In another aspect of the power saving mode the inertial orientation sensor could generate power savings by deactivating portions of the screen oriented away from the user. Because the flexible display technology uses an active matrix light emitting diode (AMOLED) display the deactivation of unused portions of the display helps significantly. This is due to the fact that AMOLED displays can activate individual pixels, and save energy when the number of illuminated pixels is reduced.
This aspect of the invention would explain why Apple recently recruited a former senior researcher at LG Display, Dr. Lee Jeung-jil, specializing in OLED displays.
Unique End-Detection Sensor Ensures a Snug Fit for any Arm or Leg Size
One challenge to overcome when making a continuous display that wraps all the way around an arm or leg is that these appendages invariably come in different sizes. Apple's patent FIG. 5C shown below illustrates one solution to this challenge. By including an end-detection sensor on the accessory device the location of the end of the accessory device can be known, and the accessory device can properly configure the screen to deactivate the covered portion of the screen.
In an embodiment with a touch screen sensor the touch screen itself can act as the end detection sensor. Capacitive elements 512 can be added to the end of the bracelet as illustrated, and when the touch screen is activate the touch screen can report the location of the capacitive elements and deactivate the covered portion of the screen. In this way the accessory device can be wrapped tightly around the wrist of any size user with no display discontinuity problems. A user can even switch between arm and leg mounting without having to go through a time consuming recalibration process each time.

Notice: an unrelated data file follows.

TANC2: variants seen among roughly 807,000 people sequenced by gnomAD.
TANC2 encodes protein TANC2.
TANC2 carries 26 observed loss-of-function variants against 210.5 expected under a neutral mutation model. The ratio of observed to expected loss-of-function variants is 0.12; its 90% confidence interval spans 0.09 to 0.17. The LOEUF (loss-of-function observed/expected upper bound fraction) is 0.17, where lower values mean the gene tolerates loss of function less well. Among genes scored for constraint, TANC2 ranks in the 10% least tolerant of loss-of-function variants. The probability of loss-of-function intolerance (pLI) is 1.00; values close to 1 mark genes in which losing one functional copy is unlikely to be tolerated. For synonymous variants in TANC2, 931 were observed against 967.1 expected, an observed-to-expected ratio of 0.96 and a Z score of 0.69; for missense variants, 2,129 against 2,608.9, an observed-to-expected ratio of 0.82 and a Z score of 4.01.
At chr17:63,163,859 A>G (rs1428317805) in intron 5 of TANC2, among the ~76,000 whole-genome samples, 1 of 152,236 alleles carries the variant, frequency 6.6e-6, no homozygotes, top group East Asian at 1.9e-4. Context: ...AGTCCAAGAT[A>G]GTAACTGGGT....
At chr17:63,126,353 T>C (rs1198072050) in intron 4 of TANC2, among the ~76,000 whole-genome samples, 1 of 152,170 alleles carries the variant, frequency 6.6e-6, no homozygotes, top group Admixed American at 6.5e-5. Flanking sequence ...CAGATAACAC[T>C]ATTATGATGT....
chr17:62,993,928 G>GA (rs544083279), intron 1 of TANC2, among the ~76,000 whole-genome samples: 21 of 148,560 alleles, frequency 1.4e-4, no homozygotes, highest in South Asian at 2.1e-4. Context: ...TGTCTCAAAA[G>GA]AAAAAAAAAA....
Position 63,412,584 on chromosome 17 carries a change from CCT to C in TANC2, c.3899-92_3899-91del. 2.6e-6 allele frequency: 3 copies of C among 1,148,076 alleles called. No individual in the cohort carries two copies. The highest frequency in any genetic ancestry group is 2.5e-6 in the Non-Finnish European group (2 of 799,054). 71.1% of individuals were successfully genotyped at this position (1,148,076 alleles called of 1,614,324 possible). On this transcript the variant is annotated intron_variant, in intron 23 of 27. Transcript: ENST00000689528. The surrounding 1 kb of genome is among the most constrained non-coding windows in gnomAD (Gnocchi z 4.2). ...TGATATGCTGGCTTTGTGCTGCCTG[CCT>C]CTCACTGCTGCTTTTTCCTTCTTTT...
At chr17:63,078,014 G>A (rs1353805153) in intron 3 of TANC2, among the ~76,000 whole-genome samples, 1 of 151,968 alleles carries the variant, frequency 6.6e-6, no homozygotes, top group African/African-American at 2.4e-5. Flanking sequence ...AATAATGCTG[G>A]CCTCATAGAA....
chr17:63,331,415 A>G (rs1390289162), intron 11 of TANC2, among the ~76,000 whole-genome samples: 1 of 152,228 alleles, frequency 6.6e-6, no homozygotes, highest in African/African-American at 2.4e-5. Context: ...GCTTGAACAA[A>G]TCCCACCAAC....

Apple's patent FIG. 8 shows a flow chart describing input on a flexible wearable communication device which affects the operation of a portable electronic device.
Apple credits Fletcher Rothkopf, Derek Wright and Scott Myers as the inventors of this patent application which was originally filed under serial number 212045 in Q3 2011.